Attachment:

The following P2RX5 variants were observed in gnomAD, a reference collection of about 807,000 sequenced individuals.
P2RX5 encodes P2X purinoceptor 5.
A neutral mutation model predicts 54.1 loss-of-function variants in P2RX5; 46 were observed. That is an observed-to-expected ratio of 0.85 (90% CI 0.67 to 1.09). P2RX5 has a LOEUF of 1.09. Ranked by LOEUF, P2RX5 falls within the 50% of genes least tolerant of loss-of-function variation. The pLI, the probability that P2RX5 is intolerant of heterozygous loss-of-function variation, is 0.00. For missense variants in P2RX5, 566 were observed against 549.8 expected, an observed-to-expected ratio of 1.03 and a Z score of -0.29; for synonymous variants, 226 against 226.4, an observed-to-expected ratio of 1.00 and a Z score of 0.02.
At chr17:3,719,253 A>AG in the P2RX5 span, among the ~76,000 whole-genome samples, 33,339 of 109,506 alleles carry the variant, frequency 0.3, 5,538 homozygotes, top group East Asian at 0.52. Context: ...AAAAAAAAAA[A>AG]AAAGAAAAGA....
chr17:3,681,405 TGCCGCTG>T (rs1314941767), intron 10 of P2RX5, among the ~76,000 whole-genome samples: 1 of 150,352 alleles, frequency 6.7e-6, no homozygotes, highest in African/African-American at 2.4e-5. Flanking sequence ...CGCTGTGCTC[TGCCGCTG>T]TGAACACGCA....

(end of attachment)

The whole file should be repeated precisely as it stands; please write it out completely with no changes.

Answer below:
The following P2RX5 variants were observed in gnomAD, a reference collection of about 807,000 sequenced individuals.
P2RX5 encodes P2X purinoceptor 5.
A neutral mutation model predicts 54.1 loss-of-function variants in P2RX5; 46 were observed. That is an observed-to-expected ratio of 0.85 (90% CI 0.67 to 1.09). P2RX5 has a LOEUF of 1.09. Ranked by LOEUF, P2RX5 falls within the 50% of genes least tolerant of loss-of-function variation. The pLI, the probability that P2RX5 is intolerant of heterozygous loss-of-function variation, is 0.00. For missense variants in P2RX5, 566 were observed against 549.8 expected, an observed-to-expected ratio of 1.03 and a Z score of -0.29; for synonymous variants, 226 against 226.4, an observed-to-expected ratio of 1.00 and a Z score of 0.02.
At chr17:3,719,253 A>AG in the P2RX5 span, among the ~76,000 whole-genome samples, 33,339 of 109,506 alleles carry the variant, frequency 0.3, 5,538 homozygotes, top group East Asian at 0.52. Context: ...AAAAAAAAAA[A>AG]AAAGAAAAGA....
chr17:3,681,405 TGCCGCTG>T (rs1314941767), intron 10 of P2RX5, among the ~76,000 whole-genome samples: 1 of 150,352 alleles, frequency 6.7e-6, no homozygotes, highest in African/African-American at 2.4e-5. Flanking sequence ...CGCTGTGCTC[TGCCGCTG>T]TGAACACGCA....